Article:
There are plenty of perfectly banal scenes in which Van Doren, Richards and Hunnicutt struggle to survive while on the rodeo circuit, crisscrossing the rural United States and living off bad food and dealing with dangerous animals, double-dealing rodeo business people and loneliness, and the question is why didn't Landau and Koch build-up and sharpen this human part of the film versus the laughably exploitive parts? Van Doren is quite good in some places, as is Hunnicutt everytime he's on camera, but Richards is doomed to play a male love interest that inexplicably goes from kind-hearted, hard-fisted country boy to seedy, washed-out and jaded for a long segment, and then back to patient and sincere, which doesn't make a lot of sense except its how the mechanical plot requires him to go when Carol Ohmart pulls him from the Hollywood straight and narrow.
There are pieces here and there of a pretty good film interspersed throughout the 80-minute runtime, but too much of Born Reckless is predictable, and at it's worst it becomes a smarmy cartoon. Stunt work is good, and the rodeo segments are good, too. But in the end, Hunnicutt deserves better, Van Doren needed better, and Richards probably would have been better, too, with a different production emphasis.
Born Reckless is currently streaming via Warner Archives online service.
You Were Never Lovelier, 1942
Backfire - 1950
Backfire - Released Feb 11, 1950. Directed by Vincent Sherman
Barbara Stanwyck 1961
The Golden Acres - Broadcast March 13, 1961 - The Barbara Stanwyck Show
The siblings Avis (Stanwyck), Collins (John McGiver) and Ben (Robert Emhardt) are all unmarried and living in a modest Midwestern town, circa 1905, when Dexter Willis (Kent Smith), a former childhood friend, returns to the area for a visit from his law office in Chicago. He is recently widowed and particularly desires to visit with Avis. We soon see that the two had a past infatuation that each are keen to pick back up again, however, the original issue that drove them apart in the past looks like it may do it again.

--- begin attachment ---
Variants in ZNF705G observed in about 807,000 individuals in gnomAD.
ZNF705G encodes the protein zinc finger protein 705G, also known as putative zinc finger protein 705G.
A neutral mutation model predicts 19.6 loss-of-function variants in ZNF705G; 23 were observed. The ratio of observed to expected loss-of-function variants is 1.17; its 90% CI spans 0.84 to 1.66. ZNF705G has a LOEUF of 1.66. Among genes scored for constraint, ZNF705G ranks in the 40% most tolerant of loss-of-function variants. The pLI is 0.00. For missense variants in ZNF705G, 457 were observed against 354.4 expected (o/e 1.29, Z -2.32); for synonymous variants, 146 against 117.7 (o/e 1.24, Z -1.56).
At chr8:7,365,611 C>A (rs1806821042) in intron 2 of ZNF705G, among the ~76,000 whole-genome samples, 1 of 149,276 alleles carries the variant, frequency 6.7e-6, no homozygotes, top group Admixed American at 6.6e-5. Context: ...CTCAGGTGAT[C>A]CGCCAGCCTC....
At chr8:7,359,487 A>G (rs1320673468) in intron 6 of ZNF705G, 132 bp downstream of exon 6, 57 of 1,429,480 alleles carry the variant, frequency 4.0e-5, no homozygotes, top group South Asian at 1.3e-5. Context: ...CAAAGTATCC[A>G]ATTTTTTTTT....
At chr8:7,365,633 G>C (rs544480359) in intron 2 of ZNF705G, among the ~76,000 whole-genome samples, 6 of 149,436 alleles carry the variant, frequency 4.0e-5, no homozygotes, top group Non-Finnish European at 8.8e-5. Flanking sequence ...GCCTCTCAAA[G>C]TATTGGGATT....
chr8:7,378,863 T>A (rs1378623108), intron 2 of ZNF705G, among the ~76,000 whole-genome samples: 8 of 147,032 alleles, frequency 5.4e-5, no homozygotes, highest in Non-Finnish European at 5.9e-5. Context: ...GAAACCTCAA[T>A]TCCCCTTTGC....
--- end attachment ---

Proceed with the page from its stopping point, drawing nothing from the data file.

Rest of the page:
Avis thinks the hurdle is that her family comes from a far more humble background and that she simply is not moneyed enough to be in Dexter's social class, but she's got a solution for that, and pressures and blackmails her way toward executing a clever land purchase for a future factory site that will pay off spectacularly. Dexter is peripherally involved in the land deal, much to Avis' ignorance, and the two will soon collide on opposite sides of the bargaining table.
More than a bit like the 1941 Bette Davis film The Little Foxes, this episode of the Barbara Stanwyck show (script by Jerome Gruskin) stirs the elements of the original Lillian Hellman story around with an ending that is entirely of 1961 American television.
Stanwyck modulates only slightly from playing a hard-edged middle-aged woman who is relentlessly trying to overcome the disadvantages she imagines her social station represents, and Kent Smith does what he was known for over several decades of performing, playing a steady and patient fellow who usually perseveres.
Three Musketeers - 1974
Three Musketeers - Released March 29, 1974 (a few releases in Dec 1973 in Europe). Directed by Richard Lester
The Twonky - 1953
The Twonky - Released June 10, 1953. Directed by Arch Oboler
A living television set takes over the life of a University Professor (Hans Conried) when his wife leaves on a trip and he is left alone to care for himself, which never exactly happens as the TV takes over these duties and increasingly consumes the decisions and actions of the frightened man.
Laced with a lot of humor and a Twilight Zone sense of unreality, The Twonky is a very early jab at describing the totalitarian results from lighted electronic devices (the TV set in The Twonky marches about listening to martial music, generates money when needed, fights away distracting people from the professor's life, and believes itself entitled to rule everything within its reach). A low budget and a lack of cinematic structure hurts the film, but Hans Conried and the rest of the cast (including William Lynn, Janet Warren and Gloria Blondell) make it work (usually) well with their funny character portraits. The writing is the high point of this film, and though it is sometimes like a comedy sketch that goes on a bit too long, there is an actual horror and sci-fi mentality down among the words about a future in which technology runs amok.
Michael Constantine - 1964
Case of the Blonde Bonanza - broadcast Dec 17, 1964. Perry Mason TV Show
Starring Miss Barbara Stanwyck [Illustrated with 310 Photographs] - amazon.com